"There wasn't a lot of money in the game, even after WSC. I was still making a lot more money off the field in business. I was starting to look to my future beyond cricket"

Why didn't you go on the 1981 Ashes tour?
We had a young family, three young kids. I had business partners who'd been very generous in allowing me to play a lot of cricket in previous years. I felt I owed it to my family and to my business partners to spend some time at home. And I needed a break. I'd been playing cricket non-stop for quite a few years. I wanted to keep playing cricket. I'd toured everywhere except India and Pakistan by that stage. I'd been to England three times. There wasn't a lot of money in the game, even after WSC. I was still making a lot more money off the field in business. I was starting to look to my future beyond cricket.

You played mostly at home, after that?
I thought, if I'm going to keep playing, the place I enjoy playing most of all, is Australia. So from 1980 onwards, I decided to confine myself to playing at home as much as possible. When the opportunity came to tour Pakistan, I was glad to take that. Later on, when we had our first series against Sri Lanka, Kim Hughes wasn't available for family reasons and I was prevailed upon to take that side away. It was a relatively short tour, so I was happy to do that.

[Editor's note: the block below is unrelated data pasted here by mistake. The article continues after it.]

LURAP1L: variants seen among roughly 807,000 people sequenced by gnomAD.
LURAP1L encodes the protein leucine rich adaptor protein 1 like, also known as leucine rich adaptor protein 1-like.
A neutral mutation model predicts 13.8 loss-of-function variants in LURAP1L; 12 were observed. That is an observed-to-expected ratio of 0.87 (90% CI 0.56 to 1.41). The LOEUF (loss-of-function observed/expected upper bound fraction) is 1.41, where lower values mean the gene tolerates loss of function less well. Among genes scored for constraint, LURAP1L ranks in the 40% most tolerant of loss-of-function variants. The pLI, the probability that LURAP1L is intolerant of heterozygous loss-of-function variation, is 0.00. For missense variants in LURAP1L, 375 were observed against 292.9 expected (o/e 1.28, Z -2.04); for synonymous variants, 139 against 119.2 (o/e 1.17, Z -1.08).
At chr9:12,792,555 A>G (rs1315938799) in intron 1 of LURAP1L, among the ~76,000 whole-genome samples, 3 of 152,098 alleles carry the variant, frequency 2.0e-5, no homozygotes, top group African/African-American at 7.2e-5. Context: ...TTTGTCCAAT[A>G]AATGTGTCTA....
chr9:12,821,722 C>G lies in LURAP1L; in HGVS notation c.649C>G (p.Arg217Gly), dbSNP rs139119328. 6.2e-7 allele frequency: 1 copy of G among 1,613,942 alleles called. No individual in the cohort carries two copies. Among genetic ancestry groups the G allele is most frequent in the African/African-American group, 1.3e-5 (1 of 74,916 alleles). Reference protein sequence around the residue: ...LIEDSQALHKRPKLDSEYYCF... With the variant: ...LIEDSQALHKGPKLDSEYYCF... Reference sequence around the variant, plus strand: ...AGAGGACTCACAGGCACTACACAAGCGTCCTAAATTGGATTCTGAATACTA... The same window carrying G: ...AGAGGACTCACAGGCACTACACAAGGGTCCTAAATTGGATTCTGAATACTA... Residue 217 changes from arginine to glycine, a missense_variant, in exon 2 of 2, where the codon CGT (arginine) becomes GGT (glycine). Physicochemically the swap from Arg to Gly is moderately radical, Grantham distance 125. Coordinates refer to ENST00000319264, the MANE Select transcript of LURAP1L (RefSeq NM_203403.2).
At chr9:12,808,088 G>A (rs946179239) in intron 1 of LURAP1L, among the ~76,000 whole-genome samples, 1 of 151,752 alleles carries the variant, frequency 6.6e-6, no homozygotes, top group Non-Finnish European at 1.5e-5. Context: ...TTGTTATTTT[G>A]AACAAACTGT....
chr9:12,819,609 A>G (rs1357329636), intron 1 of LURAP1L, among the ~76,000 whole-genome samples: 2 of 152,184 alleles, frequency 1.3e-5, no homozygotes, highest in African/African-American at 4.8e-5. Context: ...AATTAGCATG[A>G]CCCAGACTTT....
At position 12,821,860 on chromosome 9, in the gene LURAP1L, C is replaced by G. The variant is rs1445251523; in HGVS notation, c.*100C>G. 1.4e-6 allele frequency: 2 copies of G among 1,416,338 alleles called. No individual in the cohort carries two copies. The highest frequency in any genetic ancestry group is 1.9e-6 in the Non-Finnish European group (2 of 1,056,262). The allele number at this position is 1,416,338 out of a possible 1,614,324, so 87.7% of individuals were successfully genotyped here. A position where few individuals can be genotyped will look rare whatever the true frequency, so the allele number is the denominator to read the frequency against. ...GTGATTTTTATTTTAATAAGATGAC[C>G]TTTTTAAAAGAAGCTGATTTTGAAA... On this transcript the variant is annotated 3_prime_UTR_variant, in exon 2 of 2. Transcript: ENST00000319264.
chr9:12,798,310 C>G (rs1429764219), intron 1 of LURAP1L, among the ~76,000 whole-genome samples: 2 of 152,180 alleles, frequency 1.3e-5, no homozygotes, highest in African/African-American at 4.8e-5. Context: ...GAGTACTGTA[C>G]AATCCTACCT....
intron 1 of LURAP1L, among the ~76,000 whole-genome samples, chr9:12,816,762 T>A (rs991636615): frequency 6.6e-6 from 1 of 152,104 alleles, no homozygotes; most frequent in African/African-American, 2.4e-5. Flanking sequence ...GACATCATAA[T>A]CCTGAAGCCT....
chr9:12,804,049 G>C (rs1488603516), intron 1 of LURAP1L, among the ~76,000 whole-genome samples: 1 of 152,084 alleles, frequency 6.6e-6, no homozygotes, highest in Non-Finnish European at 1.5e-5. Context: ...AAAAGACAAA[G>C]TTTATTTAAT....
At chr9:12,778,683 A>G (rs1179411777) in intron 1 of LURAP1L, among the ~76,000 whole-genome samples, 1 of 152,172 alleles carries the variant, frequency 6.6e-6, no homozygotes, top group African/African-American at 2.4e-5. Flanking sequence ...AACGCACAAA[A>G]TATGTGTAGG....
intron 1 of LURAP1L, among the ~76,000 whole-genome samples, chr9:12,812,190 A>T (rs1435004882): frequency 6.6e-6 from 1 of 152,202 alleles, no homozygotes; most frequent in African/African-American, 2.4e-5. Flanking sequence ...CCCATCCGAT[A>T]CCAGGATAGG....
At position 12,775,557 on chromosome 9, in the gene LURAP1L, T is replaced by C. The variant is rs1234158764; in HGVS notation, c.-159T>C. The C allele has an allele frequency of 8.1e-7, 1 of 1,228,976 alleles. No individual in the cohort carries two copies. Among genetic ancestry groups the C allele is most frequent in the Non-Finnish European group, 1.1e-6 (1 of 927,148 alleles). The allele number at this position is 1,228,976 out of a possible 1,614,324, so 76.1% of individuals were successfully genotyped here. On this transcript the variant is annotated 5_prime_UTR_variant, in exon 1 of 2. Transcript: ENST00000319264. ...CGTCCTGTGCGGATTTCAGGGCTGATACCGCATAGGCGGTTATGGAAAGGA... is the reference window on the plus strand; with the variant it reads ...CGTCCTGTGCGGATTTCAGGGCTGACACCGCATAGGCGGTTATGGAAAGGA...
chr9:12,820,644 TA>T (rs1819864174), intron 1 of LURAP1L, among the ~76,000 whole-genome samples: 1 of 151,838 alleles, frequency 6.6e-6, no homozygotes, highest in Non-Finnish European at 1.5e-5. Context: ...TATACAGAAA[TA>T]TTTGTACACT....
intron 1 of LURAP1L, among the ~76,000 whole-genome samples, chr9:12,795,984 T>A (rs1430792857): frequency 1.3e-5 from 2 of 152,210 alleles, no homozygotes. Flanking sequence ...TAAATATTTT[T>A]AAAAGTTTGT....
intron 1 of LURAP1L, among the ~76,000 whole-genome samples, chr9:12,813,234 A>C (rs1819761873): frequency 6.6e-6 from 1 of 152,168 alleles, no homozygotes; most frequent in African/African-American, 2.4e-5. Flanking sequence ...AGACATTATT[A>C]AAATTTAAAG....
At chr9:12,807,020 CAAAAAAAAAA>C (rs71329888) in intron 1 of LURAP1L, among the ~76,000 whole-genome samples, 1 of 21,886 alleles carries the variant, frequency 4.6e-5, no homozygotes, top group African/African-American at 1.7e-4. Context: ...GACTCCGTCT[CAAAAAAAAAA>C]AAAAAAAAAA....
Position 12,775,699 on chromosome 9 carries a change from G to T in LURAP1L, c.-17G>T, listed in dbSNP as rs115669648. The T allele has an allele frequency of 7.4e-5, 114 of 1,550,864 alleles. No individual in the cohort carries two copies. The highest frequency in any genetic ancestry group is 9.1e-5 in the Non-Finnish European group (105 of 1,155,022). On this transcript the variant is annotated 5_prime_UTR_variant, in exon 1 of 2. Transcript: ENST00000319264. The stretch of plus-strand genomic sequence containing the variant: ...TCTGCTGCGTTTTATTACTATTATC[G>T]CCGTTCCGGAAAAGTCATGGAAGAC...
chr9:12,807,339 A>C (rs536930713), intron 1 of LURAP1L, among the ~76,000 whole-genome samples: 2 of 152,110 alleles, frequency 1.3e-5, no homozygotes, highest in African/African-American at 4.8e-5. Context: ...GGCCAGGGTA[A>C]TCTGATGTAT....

Who was the better player, Viv or Barry Richards?
Too hard to split. Very different players, but both in their own way extremely talented. Viv could win a game in a session - he could take a game away from the opposition. But Barry was no slouch in that regard either.

Strangest player you played with?
Greg Matthews came into the Australian side during my last season. He was just different to any other cricketer I played with. He came from a different background, spoke a different language, a surfie's language. "Bro", "cool" being a major part of his language. He didn't meet the stereotype of what an Australian cricketer looked like, spoke like, sounded like. And yet he had a love of the game that was as strong as anyone I ever played with or against.

And against?